You’ve worked hard and saved for retirement, and now you’re ready to start drawing income from your portfolio. How much money should you take each year? You need enough income to cover your bills and maintain your lifestyle. But you don’t want to set up distributions that are so large they are unsustainable.
There are numerous factors that can affect your income needs and your portfolio’s value. If the market suddenly dips, does that mean you need to reduce the amount you’re pulling out of your portfolio? What if your retirement lasts several years longer than you planned? What if you need to help a child or parent with unexpected expenses? How do you get the most out of your retirement account without draining it completely?
Here at Guiding Wealth, we help our clients develop sustainable income distribution plans that meet their needs. Here are some reliable tips for building an optimal plan for a resilient portfolio.
Income Distribution for a Self-Managed Portfolio
Creating a retirement income plan can be complicated, especially if you want a simple, long-term solution. One of the most well-known rules for sustainable income distribution is the 4% rule, which was created by financial advisor William Bengen in the 1990s. (He later modified his rule to allow for distributions up to 4.5%.)
The idea is simple: during your first year of retirement, you can withdraw 4% of your total portfolio. Each year after that, you can adjust the dollar amount to account for inflation. In theory, the 4% rule minimizes your risk of running out of money over the course of a 30-year retirement. It’s not a rule, necessarily, but it’s a guideline that helps people understand how much they need in their retirement funds. This 4% has, historically, helped people set goals around how much they needed to retire.
For retirees who want a set-it-and-forget-it plan, the 4% rule has been the standard recommendation for decades. However, it may not be the right choice anymore. When we’re looking at income distribution in retirement, there are a lot of factors we look at: sequence of returns (how much returns you make), how long you’re going to live, where you live, and more. If you don’t factor any of those in, the 4% rule has been a great standard. Many financial experts are saying that the number needs to drop to 3.3% due to current market factors, including interest rates and inflation, and lower investment returns.
If you manage your own portfolio and don’t want to change your income distribution frequently based on the market, your best choice may be the 3.3% plan. It’s a simple, conservative approach that helps ensure you don’t run out of retirement funds. Seeing the withdrawal rate decrease can look a little intimidating, but you can create a withdrawal plan that is specific to you. With any retirement income plan, it’s far more nuanced. To help you better understand why a 3.3% withdrawal might be right for you, keep reading.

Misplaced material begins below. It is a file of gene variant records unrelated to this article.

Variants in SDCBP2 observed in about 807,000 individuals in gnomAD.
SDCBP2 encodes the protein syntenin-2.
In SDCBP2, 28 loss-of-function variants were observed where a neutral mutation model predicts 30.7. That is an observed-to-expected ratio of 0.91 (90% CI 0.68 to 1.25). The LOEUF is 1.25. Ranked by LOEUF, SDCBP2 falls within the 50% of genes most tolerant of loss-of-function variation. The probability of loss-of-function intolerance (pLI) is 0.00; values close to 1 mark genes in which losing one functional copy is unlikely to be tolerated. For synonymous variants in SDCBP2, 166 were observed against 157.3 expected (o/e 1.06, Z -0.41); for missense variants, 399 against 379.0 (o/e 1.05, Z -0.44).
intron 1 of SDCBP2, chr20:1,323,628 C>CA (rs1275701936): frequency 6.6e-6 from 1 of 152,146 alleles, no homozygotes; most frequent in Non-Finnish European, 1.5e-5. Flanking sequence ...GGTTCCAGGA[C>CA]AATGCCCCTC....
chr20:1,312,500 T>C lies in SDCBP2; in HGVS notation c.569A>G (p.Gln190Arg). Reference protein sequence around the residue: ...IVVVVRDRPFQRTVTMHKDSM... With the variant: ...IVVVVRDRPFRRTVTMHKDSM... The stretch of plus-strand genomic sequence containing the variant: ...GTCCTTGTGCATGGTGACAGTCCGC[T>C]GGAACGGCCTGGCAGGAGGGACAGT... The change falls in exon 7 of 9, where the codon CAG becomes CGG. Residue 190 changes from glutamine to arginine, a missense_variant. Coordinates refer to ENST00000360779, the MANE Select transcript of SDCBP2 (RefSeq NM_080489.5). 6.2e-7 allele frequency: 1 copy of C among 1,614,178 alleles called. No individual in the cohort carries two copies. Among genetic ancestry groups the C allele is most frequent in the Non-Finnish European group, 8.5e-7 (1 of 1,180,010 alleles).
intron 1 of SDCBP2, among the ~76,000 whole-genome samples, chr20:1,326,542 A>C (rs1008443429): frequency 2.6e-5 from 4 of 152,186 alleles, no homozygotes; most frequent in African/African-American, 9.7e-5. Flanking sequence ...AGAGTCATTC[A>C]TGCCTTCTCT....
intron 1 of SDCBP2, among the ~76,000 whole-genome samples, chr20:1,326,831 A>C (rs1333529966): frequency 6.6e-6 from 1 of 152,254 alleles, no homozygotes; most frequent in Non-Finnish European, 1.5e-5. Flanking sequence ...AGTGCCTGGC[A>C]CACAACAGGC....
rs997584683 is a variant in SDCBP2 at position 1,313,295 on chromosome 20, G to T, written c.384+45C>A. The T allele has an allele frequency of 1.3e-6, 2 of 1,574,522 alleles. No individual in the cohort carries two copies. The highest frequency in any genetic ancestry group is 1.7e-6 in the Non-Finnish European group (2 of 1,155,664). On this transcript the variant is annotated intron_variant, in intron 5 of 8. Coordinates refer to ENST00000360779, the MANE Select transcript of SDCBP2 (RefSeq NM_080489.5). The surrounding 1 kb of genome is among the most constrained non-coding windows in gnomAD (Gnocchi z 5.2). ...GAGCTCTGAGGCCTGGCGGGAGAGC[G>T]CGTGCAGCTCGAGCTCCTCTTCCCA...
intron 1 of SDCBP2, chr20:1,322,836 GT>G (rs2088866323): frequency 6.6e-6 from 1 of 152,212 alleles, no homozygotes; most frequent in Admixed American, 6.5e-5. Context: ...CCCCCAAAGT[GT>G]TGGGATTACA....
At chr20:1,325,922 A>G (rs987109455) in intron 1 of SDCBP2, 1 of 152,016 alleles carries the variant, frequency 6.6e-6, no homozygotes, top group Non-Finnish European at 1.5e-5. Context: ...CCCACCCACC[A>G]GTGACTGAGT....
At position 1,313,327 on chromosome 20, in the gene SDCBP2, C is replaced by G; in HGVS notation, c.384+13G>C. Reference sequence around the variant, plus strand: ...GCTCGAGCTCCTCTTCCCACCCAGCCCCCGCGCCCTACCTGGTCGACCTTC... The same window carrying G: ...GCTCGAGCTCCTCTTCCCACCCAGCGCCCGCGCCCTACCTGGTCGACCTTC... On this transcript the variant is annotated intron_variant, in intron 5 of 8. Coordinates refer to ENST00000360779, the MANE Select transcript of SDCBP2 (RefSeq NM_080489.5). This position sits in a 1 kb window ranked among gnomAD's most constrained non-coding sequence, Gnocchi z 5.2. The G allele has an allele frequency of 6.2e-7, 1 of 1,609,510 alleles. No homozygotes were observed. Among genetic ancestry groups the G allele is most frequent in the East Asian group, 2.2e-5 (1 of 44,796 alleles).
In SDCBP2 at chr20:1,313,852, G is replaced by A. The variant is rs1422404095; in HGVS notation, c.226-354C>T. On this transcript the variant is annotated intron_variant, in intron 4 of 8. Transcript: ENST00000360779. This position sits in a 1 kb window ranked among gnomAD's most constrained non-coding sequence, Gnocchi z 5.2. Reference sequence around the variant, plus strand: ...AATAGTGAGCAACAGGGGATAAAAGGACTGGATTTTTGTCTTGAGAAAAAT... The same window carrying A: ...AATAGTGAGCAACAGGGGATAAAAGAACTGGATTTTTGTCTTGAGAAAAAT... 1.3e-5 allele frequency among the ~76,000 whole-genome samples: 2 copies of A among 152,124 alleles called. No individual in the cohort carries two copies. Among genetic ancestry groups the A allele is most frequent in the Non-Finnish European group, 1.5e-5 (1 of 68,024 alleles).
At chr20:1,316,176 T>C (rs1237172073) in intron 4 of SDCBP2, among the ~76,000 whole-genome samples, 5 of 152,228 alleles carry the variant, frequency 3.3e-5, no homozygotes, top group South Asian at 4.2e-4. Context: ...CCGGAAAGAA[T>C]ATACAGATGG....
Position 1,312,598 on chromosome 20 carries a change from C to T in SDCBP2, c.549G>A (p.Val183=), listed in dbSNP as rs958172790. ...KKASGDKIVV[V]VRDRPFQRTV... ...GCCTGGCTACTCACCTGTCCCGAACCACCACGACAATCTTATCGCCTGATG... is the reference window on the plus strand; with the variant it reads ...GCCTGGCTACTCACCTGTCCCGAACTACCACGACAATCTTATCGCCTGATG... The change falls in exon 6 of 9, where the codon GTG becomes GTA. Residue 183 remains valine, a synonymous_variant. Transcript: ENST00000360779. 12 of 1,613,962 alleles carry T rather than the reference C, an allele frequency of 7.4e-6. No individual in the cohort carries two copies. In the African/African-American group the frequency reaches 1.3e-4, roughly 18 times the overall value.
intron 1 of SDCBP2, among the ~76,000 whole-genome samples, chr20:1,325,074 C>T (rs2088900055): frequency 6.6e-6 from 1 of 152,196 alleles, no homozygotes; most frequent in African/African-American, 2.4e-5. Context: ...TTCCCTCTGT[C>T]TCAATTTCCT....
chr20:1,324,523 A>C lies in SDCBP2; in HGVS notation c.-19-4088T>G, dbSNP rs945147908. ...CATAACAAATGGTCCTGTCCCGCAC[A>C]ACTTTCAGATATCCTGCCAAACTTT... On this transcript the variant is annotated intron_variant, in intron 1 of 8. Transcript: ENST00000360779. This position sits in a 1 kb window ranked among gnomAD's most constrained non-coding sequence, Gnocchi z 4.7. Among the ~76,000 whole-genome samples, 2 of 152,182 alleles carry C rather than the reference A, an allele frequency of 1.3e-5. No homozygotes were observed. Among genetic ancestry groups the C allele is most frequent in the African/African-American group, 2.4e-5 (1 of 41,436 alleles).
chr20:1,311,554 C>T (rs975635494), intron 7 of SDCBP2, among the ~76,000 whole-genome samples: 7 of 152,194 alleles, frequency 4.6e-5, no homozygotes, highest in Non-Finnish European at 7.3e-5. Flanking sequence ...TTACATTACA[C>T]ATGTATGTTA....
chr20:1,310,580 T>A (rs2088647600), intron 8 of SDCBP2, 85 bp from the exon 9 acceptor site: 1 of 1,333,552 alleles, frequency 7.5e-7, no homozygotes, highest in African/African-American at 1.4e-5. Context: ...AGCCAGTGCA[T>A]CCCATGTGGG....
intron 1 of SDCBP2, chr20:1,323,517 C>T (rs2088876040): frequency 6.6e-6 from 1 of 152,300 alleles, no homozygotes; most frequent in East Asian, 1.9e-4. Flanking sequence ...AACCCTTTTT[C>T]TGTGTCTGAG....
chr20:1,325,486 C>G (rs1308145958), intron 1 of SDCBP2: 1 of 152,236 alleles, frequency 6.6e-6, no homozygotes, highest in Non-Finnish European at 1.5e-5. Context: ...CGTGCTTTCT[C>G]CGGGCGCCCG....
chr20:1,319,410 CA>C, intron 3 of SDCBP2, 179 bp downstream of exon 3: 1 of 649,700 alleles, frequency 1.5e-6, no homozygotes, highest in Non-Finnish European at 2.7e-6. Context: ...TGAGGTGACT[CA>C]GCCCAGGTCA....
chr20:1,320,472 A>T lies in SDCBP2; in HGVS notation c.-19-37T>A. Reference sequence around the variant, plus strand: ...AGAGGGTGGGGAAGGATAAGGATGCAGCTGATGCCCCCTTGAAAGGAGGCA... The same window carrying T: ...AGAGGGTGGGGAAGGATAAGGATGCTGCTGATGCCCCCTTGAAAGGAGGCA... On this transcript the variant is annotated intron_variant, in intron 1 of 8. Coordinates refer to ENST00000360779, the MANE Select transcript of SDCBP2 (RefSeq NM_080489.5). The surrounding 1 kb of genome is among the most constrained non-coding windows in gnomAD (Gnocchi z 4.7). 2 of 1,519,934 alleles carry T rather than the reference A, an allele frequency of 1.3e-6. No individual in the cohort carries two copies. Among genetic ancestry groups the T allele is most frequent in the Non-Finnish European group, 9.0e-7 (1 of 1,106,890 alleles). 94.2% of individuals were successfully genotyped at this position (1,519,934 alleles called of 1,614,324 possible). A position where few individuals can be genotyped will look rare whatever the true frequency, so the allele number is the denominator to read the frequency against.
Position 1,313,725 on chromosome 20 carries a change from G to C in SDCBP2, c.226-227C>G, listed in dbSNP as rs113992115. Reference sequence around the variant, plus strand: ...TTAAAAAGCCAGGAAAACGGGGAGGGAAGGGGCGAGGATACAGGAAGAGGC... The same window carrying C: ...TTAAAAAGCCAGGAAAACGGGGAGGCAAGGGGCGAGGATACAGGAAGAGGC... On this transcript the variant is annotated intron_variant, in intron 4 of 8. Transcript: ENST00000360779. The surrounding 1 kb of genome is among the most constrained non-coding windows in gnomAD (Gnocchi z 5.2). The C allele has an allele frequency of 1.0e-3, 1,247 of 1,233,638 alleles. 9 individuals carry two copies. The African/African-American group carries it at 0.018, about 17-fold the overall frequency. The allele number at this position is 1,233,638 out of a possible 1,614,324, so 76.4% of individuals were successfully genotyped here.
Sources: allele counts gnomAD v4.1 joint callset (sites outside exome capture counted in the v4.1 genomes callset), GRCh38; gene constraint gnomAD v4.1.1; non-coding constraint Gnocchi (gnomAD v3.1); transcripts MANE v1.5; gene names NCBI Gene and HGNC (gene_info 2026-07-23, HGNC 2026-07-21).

Portfolio Management for Increased Sustainability
While the 4% rule (now 3.3%) is a good rule of thumb, it’s not always the best choice. This rule is based on two significant assumptions: a stable market and unchanging income needs.
There is flexibility, however. The rule also assumes a 30-year retirement. But if your retirement is shorter, you could safely take out more money; if it’s longer, you would need to reduce your withdrawals to ensure your money doesn’t run out. In the end, a 3.3% income distribution may still be a safe choice, but it’s usually not optimal.
There are many other choices you can make to manage your portfolio in a way that increases sustainability and also meets your income needs. The best way to implement a customized management strategy is to work with an experienced financial advisor. At Guiding Wealth, we help each client set up and modify their income distribution plan based on their needs and the current market.
Protecting Your Portfolio in an Unstable Market
If you’re working with a financial advisor, you don’t necessarily have to rely on a simple approach like the 3.3% rule. You can make adjustments to your income distribution plan based on changes in the market, inflation, and the returns you’re getting on your investments.
For example, research suggests that safe withdrawal rates can change dramatically just based on the market. For example, under good conditions, you may be able to safely withdraw up to 5.5% of your portfolio each year. However, you would also need to be willing to make adjustments, dropping that number to 3.5% if the market falls.
With this type of adjustable plan, you can enjoy the benefits of more income during favorable market conditions. As long as you drop that rate when the market requires a more conservative approach, you can feel confident that your plan is sustainable.
Get Expert Help To Maximize Income and Sustainability
How much can you safely pull out of your retirement portfolio? You need enough income to support your lifestyle, but you don’t want to undermine your portfolio’s sustainability. For most retirees, a set-it-and-forget-it income distribution plan is not optimal. There are too many factors and market complications that can affect your portfolio’s sustainability.
Figuring out how to use and protect your portfolio effectively can be challenging, especially in a chaotic market. The best way to get the most out of your retirement savings is to work with a Certified Financial Planner™. An expert Guiding Wealth CFP® can help you develop a clear plan for sustainable income distribution that meets your needs. Get started by calling Guiding Wealth at 214-810-3835 to schedule a consultation.